I live a fair distance from work, so I spend a fair bit of time driving on interstate highways. Because I do, I have a fair opportunity to observe the rather unfair doings of the New Jersey State Police on our interstate highways. This is the kind of behavior I see just about every day:
And this is the kind of behavior I’ve seen more than once (albeit by local police, not by state troopers):
I once saw a Glen Ridge police officer tailgate and then crash into the car he was tailgating, in part because he was lighting a cigarette while doing so. Having crashed into the car in front of him (at a red light), he called in backup, surrounded the victim’s car, then aggressively interrogated her at the scene–presumably for the crime of his having crashed into her. (This despite the fact that liability for rear-end collisions is almost always pinned on the car in the rear.) I wish I’d recorded it, but I didn’t have a cellphone at the time. Continue reading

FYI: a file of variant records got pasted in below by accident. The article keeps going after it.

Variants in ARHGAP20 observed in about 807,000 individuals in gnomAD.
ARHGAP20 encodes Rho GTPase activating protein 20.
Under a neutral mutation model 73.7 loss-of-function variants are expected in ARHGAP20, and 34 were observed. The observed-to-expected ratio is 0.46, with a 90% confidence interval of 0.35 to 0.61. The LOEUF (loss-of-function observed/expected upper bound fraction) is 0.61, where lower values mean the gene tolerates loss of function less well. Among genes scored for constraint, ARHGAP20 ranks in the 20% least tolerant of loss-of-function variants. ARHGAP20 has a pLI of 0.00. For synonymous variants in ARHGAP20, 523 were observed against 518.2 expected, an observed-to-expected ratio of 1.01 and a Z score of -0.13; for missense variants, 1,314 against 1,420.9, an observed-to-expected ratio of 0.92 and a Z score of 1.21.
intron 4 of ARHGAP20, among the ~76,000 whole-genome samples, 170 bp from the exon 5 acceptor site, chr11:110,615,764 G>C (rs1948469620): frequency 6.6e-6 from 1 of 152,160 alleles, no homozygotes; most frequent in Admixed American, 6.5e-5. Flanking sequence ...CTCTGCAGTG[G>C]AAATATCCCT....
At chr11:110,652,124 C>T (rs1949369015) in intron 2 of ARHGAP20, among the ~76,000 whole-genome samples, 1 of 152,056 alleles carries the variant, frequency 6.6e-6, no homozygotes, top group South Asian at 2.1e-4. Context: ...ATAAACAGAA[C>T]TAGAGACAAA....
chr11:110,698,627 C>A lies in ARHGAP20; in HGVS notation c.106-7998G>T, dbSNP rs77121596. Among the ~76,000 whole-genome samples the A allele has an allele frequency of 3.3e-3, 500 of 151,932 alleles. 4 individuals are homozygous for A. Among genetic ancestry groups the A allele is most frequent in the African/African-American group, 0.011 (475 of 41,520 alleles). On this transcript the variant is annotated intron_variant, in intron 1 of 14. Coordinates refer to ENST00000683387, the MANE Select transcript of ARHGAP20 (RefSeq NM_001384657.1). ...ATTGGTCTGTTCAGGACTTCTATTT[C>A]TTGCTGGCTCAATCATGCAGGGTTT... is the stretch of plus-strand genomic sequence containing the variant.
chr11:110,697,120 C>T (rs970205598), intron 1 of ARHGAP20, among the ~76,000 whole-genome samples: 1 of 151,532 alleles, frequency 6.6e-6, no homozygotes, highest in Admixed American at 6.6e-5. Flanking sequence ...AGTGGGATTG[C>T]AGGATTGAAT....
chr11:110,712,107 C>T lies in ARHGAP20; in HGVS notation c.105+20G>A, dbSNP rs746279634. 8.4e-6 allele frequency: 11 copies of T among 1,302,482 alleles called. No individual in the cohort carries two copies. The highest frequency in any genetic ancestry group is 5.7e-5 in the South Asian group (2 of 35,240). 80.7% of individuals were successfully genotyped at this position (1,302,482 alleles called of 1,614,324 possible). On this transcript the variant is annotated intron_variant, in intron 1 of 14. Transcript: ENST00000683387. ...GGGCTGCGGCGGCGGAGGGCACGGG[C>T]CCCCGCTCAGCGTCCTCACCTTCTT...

The ethics of driving is a topic dear to my heart, having lost my two closest childhood friends (and the wife of one of those friends, who was also a friend) to traffic accidents, and living as I do in north Jersey, where every day’s commute is a near-death experience. I hate cars, I hate driving, and above all, I hate driving in New Jersey, so I’m always open to anyone who’s willing to trash the way “we” drive, ascribe it to “our” moral failings, and demand that “we” do better. (I hijacked a presentation on the Aristotelian virtue of eubolia at the Felician Ethics Conference this past fall to insist that in the modern world, eubolia is a virtue best exemplified by virtuous drivers.)
This anti-driving (or anti-bad-driving, or anti-ubiquitously-bad-driving) attitude competes with another downer sentiment of mine: I can’t stand David Brooks. Just to be clear: I can’t fucking stand David Brooks.
So I opened up this morning’s New York Times, turned to the Op-Ed page, and faced a bit of a dilemma. Here was David Brooks trashing the way “we” drive, describing Jersey drivers as people who “treat driving as if it were foreplay to genocide,” acknowledging that “driving means making a thousand small decisions” (internalized eubolia, anyone?), and getting a few things right. But like so many so-called dilemmas, this one wasn’t an instance of that fabled entity, the irresolvable ontologically-based moral dilemma, and collapsed before long. Because as per usual, Brooks managed to snatch polemical failure from the jaws of success, re-confirming my hate for everything he writes. Continue reading